England

The Start Of A Lovely Day, River Cottage, East Devon

We have been to several functions at River Cottage, but I think the one we liked the most, was a combined vineyard visit, plus lunch back at the cottage, in July 2016.  For those of you that have not heard of River Cottage…..River Cottage is a brand that was used for a number of ventures by television chef Hugh Fearnley-Whittingstall. These include a long running Channel 4 television series, cookery courses and events.  In 2006, River Cottage moved to the Park Farm location near to Uplyme in Devon. Here River Cottage HQ provides dining experiences, cookery courses as well as courses on a wide variety of topics including bee-keeping, brewing, breadmaking, cheese-making, curing meat and foraging.

Starting our day, we were picked up by the tractor pulling a trailer and taken into deepest Devon, well it felt like it.    Had no idea where we were going, which was half the fun, but we had been told…. to wear walking boots.  So glad we did, as we walked up and over Musbury Castle……..which is an Iron Age Hill fort situated above the Village of Musbury in Devon. The fort occupies a commanding hill top approx 175 Metres above Sea Level overlooking the Axe valley.

 

The walk would take us to Castlewood Farm, with a tour of the vineyards, so we would see what we would have a tasting of later.  I found it interesting, as we have vines at home and make our own wine, which is so we are told, very nice.  So I picked up some good tips and our crop this year is looking even more promising, also with a little help from the hot weather we are having at the moment.  

 

We then walked on to the farm, to have some wine tasting and some lovely local bead.  We did buy two bottles, so we could compare it to ours 🙂

 

After a most enjoyable tasting and finishing all the lovely bread, we were collected by the trailer and taken back to River Cottage HQ, for our lunch…..for more food and wine 🙂 This visit will follow in the next post.  

Flower Festival, St Peter’s Church, Upwell, Norfolk

The theme of St Peter’s Church, Upwell in Norfolk, Flower Festival in 2016 was ‘Work, Rest & Play’.  I’m a little late with this post, not sure where the time goes, and having been to a couple of Flower Festivals recently, I thought I should post this one first.  My last post featured the angels and demons in the roof of the church, this post is more of the ground level, some of the church and lots of the flowers.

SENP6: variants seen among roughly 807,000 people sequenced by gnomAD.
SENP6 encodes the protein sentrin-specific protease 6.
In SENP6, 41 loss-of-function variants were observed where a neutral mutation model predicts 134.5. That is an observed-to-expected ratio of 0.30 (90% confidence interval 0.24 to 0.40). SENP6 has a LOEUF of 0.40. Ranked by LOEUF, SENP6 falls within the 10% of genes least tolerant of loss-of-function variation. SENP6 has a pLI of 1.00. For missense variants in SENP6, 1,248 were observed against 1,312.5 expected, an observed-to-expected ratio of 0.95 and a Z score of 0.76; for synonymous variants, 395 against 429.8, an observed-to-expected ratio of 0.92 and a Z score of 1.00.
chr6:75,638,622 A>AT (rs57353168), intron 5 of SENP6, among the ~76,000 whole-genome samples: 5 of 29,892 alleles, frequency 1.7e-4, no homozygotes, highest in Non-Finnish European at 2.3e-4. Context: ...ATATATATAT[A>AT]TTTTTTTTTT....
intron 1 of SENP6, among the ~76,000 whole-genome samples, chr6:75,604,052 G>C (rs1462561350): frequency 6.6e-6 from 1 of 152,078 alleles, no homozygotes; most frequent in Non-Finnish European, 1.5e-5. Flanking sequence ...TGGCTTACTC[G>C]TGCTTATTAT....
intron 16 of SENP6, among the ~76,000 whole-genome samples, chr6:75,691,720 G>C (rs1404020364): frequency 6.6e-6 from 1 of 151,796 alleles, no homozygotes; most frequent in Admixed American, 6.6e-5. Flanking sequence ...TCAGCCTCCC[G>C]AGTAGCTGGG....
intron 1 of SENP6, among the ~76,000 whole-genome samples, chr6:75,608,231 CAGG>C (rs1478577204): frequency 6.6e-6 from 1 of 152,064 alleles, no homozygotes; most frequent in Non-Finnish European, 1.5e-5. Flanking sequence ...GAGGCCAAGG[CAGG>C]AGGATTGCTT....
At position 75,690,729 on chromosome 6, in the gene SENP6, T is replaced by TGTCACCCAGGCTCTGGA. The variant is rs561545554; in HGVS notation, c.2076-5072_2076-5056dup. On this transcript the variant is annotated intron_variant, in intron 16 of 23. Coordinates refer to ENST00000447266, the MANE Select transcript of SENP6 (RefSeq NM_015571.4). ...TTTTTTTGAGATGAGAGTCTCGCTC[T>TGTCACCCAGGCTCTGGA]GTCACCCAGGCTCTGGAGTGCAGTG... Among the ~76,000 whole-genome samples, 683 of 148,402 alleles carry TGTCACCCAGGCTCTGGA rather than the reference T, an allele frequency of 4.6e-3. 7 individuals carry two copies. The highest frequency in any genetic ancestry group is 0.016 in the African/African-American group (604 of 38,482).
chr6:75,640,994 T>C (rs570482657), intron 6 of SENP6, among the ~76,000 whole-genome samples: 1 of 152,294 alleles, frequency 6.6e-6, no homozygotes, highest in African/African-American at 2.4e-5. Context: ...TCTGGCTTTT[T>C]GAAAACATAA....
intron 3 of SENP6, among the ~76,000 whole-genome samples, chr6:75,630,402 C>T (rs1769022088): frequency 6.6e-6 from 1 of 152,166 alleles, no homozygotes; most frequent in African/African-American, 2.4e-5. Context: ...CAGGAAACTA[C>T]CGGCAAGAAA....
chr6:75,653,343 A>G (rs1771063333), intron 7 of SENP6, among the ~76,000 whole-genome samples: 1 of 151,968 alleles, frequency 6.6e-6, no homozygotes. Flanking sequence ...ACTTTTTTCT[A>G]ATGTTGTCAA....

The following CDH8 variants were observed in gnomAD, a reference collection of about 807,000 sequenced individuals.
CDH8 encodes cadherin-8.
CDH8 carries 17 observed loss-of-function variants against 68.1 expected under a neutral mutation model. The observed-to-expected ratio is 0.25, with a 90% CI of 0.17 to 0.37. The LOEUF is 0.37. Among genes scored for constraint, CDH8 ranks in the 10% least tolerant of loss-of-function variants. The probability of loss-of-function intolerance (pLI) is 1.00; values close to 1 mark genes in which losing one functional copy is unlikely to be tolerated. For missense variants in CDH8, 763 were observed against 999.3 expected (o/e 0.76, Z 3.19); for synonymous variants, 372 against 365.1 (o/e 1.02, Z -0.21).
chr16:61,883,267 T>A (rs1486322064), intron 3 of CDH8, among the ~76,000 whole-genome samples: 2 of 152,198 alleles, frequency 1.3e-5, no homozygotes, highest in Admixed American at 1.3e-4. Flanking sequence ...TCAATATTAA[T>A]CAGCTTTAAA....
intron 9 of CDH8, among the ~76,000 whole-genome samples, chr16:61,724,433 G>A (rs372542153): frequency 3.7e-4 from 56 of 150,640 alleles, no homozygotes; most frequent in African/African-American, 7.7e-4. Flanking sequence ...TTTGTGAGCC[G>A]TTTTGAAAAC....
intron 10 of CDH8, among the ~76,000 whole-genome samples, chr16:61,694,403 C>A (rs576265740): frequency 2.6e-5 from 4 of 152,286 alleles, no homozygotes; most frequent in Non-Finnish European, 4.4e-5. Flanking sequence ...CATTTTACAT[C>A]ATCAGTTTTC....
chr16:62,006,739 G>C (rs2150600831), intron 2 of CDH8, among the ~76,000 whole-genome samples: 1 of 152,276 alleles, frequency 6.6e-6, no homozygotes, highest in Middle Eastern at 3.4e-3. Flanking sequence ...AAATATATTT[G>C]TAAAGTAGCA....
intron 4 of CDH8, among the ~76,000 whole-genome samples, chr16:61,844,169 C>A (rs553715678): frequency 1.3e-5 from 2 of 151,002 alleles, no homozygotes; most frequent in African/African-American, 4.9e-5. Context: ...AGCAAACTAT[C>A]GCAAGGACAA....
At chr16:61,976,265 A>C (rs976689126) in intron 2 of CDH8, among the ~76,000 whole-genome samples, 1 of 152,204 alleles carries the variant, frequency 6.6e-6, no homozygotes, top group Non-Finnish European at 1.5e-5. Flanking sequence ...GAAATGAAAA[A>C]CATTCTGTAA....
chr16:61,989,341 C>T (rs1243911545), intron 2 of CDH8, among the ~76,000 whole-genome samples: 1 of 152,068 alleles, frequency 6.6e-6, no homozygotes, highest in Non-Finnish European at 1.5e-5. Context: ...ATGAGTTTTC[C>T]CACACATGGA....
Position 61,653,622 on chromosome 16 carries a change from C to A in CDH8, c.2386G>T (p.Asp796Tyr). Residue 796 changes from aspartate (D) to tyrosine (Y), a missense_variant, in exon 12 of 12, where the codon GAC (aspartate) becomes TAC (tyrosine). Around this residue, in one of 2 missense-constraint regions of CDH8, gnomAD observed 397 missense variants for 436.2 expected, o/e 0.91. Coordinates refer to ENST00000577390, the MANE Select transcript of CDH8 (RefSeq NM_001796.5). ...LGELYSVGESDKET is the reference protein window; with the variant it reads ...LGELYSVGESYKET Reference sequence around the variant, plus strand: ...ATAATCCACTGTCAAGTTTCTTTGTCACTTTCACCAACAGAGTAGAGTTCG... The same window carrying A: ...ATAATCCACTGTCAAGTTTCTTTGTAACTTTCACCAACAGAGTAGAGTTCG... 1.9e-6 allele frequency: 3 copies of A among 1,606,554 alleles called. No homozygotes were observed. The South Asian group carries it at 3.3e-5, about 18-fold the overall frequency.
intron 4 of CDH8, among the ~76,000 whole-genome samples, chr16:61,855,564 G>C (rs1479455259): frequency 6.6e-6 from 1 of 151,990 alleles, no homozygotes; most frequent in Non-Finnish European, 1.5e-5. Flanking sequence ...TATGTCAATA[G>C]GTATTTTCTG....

A little history…..The previous 13th century church, to which the tower was originally attached, actually sat on ground occupied by the current north aisle. The present nave was began adjacent in 1310, the old church demolished and redeveloped into the north aisle by the 1460s, at the height of Upwell’s mercantile prosperity. Restoration during the Victorian period was inevitable, leaving a largely 19th century interior, although Georgian galleries in the north aisle and west end of the nave survive, as does the gorgeous angel roof.

 

Angels & Demons, St Peter’s Church, Upwell, Norfolk

Angels and Demons in the roof of St Peter’s Church in Upwell Norfolk.  We try to visit St Peter’s Church in Norfolk each year for the Flower Festival, and also, so I can take photos of the wonderful roof carvings.  Each year I find something I have missed the pervious years. This post is covering the angels and demons from various years, and next post will be of the Flower Festival. 

The roof angels are likely to date from the first half, perhaps even the first quarter of the C15th. The wings have been replaced, but the bodies and heads are original, and I would think the demons date from that period as well.  The demons are pretty scary and would have kept the congregation on the the path of righteousness, or at least given them  nightmares.  I find both angels and demons fascinating and often wonder, were the wood carvers got their ideas from.

Seaside Town, Lyme Regis, West Dorset

Lyme Regis, the ‘Pearl of Dorset’  This post is a collection of three years worth of visits, at different times of the year.  It’s a bit late now to do separate posts of each year and it doesn’t really change much over the years, which is one of the attractions of visiting.